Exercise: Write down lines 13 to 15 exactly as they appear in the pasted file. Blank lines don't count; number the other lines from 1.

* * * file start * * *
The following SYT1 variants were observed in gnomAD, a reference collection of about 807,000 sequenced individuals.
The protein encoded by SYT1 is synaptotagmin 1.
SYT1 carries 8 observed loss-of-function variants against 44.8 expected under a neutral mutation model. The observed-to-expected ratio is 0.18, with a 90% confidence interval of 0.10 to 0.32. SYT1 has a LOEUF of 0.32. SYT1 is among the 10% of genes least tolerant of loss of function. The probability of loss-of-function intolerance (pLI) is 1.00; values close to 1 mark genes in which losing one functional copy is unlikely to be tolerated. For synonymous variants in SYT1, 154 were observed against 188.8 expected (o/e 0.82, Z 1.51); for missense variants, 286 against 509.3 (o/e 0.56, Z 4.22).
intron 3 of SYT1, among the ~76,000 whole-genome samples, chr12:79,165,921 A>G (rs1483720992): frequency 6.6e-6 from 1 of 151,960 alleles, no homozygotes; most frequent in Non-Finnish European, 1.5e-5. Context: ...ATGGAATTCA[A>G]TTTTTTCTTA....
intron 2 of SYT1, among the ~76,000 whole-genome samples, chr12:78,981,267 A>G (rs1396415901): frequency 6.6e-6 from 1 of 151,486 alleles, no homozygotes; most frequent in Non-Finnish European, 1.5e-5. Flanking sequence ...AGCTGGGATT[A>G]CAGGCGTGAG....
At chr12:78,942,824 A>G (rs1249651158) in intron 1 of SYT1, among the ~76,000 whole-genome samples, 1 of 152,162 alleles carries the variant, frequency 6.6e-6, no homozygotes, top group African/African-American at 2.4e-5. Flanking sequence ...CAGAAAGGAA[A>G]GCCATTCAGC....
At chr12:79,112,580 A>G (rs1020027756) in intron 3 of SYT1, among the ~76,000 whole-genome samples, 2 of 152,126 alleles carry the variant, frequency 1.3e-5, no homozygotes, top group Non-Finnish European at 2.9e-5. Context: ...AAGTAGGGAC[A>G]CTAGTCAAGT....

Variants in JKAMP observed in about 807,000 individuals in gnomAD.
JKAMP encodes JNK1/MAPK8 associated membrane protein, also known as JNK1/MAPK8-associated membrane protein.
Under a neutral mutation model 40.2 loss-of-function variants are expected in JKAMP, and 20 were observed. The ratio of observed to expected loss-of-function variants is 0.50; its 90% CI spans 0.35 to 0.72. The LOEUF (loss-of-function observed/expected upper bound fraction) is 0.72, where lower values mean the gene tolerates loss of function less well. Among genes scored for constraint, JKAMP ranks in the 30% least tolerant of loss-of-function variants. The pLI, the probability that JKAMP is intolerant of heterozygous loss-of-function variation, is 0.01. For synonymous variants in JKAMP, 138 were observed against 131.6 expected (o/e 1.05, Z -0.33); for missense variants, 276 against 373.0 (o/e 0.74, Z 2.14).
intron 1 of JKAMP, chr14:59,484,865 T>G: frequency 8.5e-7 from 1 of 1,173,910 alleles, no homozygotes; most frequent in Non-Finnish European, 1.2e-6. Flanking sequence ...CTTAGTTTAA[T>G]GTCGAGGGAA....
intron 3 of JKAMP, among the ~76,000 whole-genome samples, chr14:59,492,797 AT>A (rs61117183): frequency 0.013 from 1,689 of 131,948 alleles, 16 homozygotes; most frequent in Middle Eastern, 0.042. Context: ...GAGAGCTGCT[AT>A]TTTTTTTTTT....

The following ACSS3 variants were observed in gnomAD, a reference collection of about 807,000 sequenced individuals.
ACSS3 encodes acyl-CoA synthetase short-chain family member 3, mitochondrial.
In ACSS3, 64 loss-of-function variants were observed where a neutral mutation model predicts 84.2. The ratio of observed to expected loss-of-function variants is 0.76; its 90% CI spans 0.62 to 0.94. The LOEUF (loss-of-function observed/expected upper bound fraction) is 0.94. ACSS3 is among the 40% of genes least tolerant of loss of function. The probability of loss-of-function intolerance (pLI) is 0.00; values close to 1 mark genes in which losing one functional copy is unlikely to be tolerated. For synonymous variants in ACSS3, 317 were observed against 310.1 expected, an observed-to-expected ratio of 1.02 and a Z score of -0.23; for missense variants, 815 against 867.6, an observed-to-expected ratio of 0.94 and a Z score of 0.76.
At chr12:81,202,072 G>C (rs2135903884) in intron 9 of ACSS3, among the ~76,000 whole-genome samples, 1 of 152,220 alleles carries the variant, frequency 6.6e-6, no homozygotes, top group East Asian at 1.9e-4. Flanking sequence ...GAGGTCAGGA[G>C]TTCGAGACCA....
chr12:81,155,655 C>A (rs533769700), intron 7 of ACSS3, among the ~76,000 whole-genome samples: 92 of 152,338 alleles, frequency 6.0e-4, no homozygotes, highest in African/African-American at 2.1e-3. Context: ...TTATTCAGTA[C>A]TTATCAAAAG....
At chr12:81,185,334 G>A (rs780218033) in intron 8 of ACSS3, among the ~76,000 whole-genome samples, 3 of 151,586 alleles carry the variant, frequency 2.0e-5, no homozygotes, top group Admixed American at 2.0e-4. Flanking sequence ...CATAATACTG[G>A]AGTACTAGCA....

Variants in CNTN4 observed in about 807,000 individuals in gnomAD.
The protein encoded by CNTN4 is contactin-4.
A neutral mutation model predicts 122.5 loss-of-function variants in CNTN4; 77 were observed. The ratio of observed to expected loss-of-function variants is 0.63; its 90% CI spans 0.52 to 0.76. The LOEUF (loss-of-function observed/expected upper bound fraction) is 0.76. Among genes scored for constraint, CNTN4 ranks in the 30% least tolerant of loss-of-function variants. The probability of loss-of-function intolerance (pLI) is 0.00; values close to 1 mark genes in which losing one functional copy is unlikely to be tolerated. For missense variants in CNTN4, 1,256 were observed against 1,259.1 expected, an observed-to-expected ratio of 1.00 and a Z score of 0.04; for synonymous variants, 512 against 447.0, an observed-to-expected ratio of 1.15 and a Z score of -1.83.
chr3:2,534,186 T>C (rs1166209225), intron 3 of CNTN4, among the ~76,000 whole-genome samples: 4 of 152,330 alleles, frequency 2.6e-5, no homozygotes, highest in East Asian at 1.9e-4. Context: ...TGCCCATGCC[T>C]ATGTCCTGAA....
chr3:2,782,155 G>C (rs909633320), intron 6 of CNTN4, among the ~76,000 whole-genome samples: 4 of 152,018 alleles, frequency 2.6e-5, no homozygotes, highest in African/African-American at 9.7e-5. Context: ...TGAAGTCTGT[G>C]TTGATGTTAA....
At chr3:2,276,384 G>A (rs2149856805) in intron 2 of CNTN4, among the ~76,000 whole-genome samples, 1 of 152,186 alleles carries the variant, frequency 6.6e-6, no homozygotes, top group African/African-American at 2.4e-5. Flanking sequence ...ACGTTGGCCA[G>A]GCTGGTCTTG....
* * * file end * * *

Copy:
The following ACSS3 variants were observed in gnomAD, a reference collection of about 807,000 sequenced individuals.
ACSS3 encodes acyl-CoA synthetase short-chain family member 3, mitochondrial.
In ACSS3, 64 loss-of-function variants were observed where a neutral mutation model predicts 84.2. The ratio of observed to expected loss-of-function variants is 0.76; its 90% CI spans 0.62 to 0.94. The LOEUF (loss-of-function observed/expected upper bound fraction) is 0.94. ACSS3 is among the 40% of genes least tolerant of loss of function. The probability of loss-of-function intolerance (pLI) is 0.00; values close to 1 mark genes in which losing one functional copy is unlikely to be tolerated. For synonymous variants in ACSS3, 317 were observed against 310.1 expected, an observed-to-expected ratio of 1.02 and a Z score of -0.23; for missense variants, 815 against 867.6, an observed-to-expected ratio of 0.94 and a Z score of 0.76.